Generally speaking, all actions have consequences… So you want to have it all – the desirable work - life balance we always hear about, talk about, but very few of us ever attain… Sure, you can have it all – you can thrive – but only if you take care of the little detail and that is why we are here – to guide you through and take away the headache of the admin.
So what are the key considerations?
Well, there are tax and right-to-work implications if you are working abroad. Many digital nomads and freelancers ignore this, but if you are working in a country you are not a citizen of, you’ll need a working visa, which is significantly harder to get than a tourist visa.
Admittedly, it’s hard for authorities to track, and many of us will have replied to an urgent work email while away on holiday, which is technically working.
Workations straddle a strange line between holiday, remote work, and sabbatical.
We are now regularly seeing a direct impact on expatriate and other cross-border working arrangements as a result of the challenging circumstances arising from the COVID-19 pandemic.
The restrictions on travel have clearly led to some situations where employees, perhaps on overseas secondments or hired to/from abroad, have been unable to return home. At the same time, with the widespread shift to more remote and home working, more people are considering whether it is still necessary for them to continue to live close to their employer’s office or whether they can in fact choose a different place of residence and continue to work from home from now on.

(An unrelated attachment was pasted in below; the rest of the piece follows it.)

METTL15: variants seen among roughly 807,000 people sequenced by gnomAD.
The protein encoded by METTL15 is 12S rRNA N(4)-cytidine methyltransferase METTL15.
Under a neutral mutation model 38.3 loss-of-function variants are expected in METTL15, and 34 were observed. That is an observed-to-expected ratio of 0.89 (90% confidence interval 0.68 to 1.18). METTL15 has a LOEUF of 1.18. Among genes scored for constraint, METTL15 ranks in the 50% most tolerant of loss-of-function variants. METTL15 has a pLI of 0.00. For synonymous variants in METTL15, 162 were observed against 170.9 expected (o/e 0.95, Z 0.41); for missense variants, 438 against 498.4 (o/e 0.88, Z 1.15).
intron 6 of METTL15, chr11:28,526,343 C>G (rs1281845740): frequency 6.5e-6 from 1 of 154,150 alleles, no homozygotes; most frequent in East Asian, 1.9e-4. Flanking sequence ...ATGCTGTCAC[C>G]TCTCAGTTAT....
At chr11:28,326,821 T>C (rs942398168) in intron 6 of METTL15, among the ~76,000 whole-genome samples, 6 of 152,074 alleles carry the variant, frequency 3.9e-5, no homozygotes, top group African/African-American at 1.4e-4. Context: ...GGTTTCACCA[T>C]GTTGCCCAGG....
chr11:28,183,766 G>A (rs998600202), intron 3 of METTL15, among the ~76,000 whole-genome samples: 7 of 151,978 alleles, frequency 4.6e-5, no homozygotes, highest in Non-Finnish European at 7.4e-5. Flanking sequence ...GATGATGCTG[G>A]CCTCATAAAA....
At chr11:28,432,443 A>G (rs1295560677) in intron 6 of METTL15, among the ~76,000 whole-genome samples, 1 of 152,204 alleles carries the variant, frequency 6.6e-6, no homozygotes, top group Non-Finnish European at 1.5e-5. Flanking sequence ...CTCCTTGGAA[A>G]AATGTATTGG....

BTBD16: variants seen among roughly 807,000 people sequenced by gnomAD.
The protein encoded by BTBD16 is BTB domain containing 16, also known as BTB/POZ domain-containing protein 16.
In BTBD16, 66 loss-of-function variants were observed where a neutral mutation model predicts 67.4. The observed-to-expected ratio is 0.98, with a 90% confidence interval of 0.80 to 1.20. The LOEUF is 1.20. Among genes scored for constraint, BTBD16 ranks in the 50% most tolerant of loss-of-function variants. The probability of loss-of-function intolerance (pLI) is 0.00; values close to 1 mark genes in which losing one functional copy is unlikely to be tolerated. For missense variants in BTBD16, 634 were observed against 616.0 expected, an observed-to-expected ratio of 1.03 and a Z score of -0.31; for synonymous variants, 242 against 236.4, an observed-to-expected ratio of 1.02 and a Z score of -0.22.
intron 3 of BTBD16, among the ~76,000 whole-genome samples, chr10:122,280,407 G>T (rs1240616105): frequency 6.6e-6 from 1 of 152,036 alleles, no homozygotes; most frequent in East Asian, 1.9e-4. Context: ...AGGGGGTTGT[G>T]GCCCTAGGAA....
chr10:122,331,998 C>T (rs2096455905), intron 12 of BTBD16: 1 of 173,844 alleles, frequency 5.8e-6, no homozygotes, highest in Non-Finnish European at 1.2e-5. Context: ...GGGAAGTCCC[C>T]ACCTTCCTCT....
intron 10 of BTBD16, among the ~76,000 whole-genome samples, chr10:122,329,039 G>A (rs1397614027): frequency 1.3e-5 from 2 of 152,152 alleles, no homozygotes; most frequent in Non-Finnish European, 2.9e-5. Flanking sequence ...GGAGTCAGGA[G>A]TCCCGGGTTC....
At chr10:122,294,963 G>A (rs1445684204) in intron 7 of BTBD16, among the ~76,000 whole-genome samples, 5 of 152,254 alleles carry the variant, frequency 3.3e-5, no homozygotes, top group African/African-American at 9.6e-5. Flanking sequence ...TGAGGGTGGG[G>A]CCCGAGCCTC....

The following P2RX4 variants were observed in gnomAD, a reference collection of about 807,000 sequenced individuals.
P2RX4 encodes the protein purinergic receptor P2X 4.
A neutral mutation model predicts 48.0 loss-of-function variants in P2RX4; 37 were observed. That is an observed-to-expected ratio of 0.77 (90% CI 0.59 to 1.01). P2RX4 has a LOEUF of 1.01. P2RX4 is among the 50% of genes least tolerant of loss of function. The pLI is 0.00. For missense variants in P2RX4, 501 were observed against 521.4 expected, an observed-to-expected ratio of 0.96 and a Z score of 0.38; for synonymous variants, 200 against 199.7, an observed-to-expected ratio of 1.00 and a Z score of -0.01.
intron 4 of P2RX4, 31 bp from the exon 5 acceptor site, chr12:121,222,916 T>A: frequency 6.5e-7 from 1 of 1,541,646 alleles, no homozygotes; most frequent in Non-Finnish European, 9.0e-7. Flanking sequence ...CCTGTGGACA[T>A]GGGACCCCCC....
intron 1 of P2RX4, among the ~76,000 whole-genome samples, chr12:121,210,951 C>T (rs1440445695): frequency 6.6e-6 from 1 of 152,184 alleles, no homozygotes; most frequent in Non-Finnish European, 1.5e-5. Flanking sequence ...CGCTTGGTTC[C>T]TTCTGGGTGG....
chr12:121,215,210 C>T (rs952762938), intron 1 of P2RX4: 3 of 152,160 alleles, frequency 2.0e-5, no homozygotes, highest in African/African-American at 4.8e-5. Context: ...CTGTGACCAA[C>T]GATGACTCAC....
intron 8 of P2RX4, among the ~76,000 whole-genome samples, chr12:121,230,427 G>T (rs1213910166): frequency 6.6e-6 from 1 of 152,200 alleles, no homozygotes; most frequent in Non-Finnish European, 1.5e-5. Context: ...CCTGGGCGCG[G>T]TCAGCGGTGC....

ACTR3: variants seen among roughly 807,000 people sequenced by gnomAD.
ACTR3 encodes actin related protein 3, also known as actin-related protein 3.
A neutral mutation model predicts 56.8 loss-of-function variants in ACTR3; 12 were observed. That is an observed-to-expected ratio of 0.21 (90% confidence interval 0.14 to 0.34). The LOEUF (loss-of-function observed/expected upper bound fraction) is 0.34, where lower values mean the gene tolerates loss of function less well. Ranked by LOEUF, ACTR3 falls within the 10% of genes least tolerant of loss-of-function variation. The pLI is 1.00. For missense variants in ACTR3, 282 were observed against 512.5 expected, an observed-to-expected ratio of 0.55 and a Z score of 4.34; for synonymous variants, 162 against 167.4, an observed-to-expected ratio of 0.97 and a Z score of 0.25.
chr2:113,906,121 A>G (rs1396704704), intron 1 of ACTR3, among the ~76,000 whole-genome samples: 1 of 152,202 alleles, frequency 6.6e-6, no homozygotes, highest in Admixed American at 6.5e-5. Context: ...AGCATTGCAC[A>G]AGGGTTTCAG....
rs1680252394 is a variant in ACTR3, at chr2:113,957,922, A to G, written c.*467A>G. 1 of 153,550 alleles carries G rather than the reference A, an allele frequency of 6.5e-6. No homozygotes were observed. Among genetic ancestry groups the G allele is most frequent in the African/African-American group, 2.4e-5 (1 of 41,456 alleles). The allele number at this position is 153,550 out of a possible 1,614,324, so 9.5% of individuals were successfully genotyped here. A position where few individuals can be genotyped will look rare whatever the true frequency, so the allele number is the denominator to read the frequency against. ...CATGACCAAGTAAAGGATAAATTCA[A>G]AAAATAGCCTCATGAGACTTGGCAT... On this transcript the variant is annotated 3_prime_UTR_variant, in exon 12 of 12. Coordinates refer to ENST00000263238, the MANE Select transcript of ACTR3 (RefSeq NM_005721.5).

There has been a significant increase in enquiries from companies whose UK & US employees are requesting not only to continue to work remotely but also to work from our overseas locations. It is very important to understand that employers should not simply treat this as a personal choice with no impact for them.
There are many different aspects to think about when considering if such a request can be approved. These include:
• Where the employee will be resident for tax and social security purposes
• What the employer obligations are in terms of payroll/withholding compliance per country
• Whether there are other compliance requirements/registrations per country
• The impact on employee benefits and pension provision
• If there a risk of creating a taxable corporate presence in the other jurisdiction
• What are the wider HR implications in terms of fairness and opportunities for the employee population?
The areas to consider from the list above will be specific to the organisation and the individuals involved, but WorkMango is able to provide support in helping navigate the issues around these types of scenarios.
The good news is that both Antigua and Barbados have introduced long-term residency options through the Digital Nomad Residency Visa for Antigua and the Barbados Welcome Stamp.
Successful applicants and their dependents (if any) will be expected to pay Income Taxes in the countries in which they are normally resident. No personal income tax is payable to Antigua or Barbados. However, applicants are not allowed to work for any entity of any kind in Antigua or Barbados, nor to derive any income from any entity in Antigua or Barbados.